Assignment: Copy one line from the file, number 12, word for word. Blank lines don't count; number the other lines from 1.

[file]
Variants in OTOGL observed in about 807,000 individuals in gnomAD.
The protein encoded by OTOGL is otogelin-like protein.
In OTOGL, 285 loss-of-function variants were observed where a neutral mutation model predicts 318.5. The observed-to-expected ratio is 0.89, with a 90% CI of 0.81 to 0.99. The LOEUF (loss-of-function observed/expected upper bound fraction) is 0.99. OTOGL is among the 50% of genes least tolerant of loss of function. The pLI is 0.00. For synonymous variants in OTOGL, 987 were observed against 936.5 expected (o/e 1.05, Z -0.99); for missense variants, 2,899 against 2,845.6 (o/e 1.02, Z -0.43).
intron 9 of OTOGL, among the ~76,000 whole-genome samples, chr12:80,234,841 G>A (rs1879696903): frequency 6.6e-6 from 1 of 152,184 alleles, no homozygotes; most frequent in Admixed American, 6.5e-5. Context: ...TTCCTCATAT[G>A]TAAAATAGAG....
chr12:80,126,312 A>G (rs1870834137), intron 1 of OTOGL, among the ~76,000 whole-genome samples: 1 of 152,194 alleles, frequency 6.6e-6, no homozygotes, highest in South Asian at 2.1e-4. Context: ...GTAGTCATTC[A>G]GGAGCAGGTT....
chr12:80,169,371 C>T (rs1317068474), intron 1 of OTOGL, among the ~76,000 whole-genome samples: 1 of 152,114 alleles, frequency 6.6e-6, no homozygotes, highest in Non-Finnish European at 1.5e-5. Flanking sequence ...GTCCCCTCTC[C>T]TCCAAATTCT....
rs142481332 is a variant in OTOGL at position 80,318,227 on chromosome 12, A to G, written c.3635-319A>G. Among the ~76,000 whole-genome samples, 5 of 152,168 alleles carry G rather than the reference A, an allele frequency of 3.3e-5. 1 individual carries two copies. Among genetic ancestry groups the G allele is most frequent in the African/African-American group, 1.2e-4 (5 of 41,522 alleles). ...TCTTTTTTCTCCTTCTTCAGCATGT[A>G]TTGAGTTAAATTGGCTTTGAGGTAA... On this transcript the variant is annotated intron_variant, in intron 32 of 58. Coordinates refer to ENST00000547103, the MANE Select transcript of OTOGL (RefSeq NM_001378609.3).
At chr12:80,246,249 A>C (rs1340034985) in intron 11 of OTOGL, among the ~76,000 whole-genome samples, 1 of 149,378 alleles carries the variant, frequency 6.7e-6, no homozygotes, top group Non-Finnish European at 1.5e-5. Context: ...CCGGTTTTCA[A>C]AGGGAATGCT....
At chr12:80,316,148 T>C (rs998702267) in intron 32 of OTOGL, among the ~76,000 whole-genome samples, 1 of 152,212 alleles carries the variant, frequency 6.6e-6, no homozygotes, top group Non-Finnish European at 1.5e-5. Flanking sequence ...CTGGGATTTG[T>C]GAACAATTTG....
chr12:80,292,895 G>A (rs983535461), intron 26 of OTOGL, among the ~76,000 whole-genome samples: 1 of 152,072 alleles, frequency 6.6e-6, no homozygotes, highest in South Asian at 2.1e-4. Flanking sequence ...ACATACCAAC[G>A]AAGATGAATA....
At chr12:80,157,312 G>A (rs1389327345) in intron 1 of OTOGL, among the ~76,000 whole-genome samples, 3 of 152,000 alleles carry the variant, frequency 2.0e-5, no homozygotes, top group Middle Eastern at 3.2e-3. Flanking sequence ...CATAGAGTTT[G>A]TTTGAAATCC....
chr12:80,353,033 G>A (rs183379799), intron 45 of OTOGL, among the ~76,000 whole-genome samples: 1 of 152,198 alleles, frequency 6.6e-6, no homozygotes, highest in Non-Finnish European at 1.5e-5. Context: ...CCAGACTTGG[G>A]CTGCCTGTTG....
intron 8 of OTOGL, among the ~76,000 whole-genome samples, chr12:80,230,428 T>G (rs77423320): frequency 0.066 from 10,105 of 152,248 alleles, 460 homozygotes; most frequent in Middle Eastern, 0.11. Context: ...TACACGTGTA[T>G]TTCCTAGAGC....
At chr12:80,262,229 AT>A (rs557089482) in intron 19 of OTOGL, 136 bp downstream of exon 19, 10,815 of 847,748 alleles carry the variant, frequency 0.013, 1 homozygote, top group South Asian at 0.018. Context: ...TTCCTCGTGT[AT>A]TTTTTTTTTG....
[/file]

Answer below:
chr12:80,353,033 G>A (rs183379799), intron 45 of OTOGL, among the ~76,000 whole-genome samples: 1 of 152,198 alleles, frequency 6.6e-6, no homozygotes, highest in Non-Finnish European at 1.5e-5. Context: ...CCAGACTTGG[G>A]CTGCCTGTTG....